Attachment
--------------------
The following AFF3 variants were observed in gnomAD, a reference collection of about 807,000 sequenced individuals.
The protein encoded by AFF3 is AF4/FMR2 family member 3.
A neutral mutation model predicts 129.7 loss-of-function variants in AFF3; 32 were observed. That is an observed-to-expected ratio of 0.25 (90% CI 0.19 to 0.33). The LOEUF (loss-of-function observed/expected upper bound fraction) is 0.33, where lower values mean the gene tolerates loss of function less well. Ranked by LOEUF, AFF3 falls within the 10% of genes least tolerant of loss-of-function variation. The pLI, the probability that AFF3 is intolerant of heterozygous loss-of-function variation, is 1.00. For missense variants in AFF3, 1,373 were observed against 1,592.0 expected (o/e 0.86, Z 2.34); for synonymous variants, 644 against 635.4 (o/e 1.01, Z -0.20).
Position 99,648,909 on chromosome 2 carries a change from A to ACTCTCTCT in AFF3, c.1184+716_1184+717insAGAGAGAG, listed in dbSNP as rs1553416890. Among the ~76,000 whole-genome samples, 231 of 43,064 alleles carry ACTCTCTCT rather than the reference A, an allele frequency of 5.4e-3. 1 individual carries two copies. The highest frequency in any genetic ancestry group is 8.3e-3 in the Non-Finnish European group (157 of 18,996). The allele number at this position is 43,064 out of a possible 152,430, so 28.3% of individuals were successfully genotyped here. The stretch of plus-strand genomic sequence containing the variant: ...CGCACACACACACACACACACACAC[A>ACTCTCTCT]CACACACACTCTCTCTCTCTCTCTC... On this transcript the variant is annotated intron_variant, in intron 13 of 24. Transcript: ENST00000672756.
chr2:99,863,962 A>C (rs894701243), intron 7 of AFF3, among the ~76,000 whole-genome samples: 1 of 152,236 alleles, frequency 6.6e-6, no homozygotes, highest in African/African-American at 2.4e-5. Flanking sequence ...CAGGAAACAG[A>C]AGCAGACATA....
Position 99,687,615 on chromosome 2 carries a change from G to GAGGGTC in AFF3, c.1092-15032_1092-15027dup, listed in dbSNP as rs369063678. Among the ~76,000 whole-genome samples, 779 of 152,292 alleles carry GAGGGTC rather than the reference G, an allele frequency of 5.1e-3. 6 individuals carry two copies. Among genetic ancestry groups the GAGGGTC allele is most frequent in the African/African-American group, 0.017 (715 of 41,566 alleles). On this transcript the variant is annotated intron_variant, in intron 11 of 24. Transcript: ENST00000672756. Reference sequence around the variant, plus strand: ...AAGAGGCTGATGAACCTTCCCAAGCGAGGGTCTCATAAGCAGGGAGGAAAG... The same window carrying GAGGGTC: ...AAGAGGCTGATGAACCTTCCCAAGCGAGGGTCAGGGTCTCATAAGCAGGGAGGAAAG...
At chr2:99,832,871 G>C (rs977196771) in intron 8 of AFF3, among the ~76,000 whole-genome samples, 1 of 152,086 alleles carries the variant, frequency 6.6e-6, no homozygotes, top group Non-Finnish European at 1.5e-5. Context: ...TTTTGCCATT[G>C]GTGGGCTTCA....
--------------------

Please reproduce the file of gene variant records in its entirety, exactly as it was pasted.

The following AFF3 variants were observed in gnomAD, a reference collection of about 807,000 sequenced individuals.
The protein encoded by AFF3 is AF4/FMR2 family member 3.
A neutral mutation model predicts 129.7 loss-of-function variants in AFF3; 32 were observed. That is an observed-to-expected ratio of 0.25 (90% CI 0.19 to 0.33). The LOEUF (loss-of-function observed/expected upper bound fraction) is 0.33, where lower values mean the gene tolerates loss of function less well. Ranked by LOEUF, AFF3 falls within the 10% of genes least tolerant of loss-of-function variation. The pLI, the probability that AFF3 is intolerant of heterozygous loss-of-function variation, is 1.00. For missense variants in AFF3, 1,373 were observed against 1,592.0 expected (o/e 0.86, Z 2.34); for synonymous variants, 644 against 635.4 (o/e 1.01, Z -0.20).
Position 99,648,909 on chromosome 2 carries a change from A to ACTCTCTCT in AFF3, c.1184+716_1184+717insAGAGAGAG, listed in dbSNP as rs1553416890. Among the ~76,000 whole-genome samples, 231 of 43,064 alleles carry ACTCTCTCT rather than the reference A, an allele frequency of 5.4e-3. 1 individual carries two copies. The highest frequency in any genetic ancestry group is 8.3e-3 in the Non-Finnish European group (157 of 18,996). The allele number at this position is 43,064 out of a possible 152,430, so 28.3% of individuals were successfully genotyped here. The stretch of plus-strand genomic sequence containing the variant: ...CGCACACACACACACACACACACAC[A>ACTCTCTCT]CACACACACTCTCTCTCTCTCTCTC... On this transcript the variant is annotated intron_variant, in intron 13 of 24. Transcript: ENST00000672756.
chr2:99,863,962 A>C (rs894701243), intron 7 of AFF3, among the ~76,000 whole-genome samples: 1 of 152,236 alleles, frequency 6.6e-6, no homozygotes, highest in African/African-American at 2.4e-5. Flanking sequence ...CAGGAAACAG[A>C]AGCAGACATA....
Position 99,687,615 on chromosome 2 carries a change from G to GAGGGTC in AFF3, c.1092-15032_1092-15027dup, listed in dbSNP as rs369063678. Among the ~76,000 whole-genome samples, 779 of 152,292 alleles carry GAGGGTC rather than the reference G, an allele frequency of 5.1e-3. 6 individuals carry two copies. Among genetic ancestry groups the GAGGGTC allele is most frequent in the African/African-American group, 0.017 (715 of 41,566 alleles). On this transcript the variant is annotated intron_variant, in intron 11 of 24. Transcript: ENST00000672756. Reference sequence around the variant, plus strand: ...AAGAGGCTGATGAACCTTCCCAAGCGAGGGTCTCATAAGCAGGGAGGAAAG... The same window carrying GAGGGTC: ...AAGAGGCTGATGAACCTTCCCAAGCGAGGGTCAGGGTCTCATAAGCAGGGAGGAAAG...
At chr2:99,832,871 G>C (rs977196771) in intron 8 of AFF3, among the ~76,000 whole-genome samples, 1 of 152,086 alleles carries the variant, frequency 6.6e-6, no homozygotes, top group Non-Finnish European at 1.5e-5. Context: ...TTTTGCCATT[G>C]GTGGGCTTCA....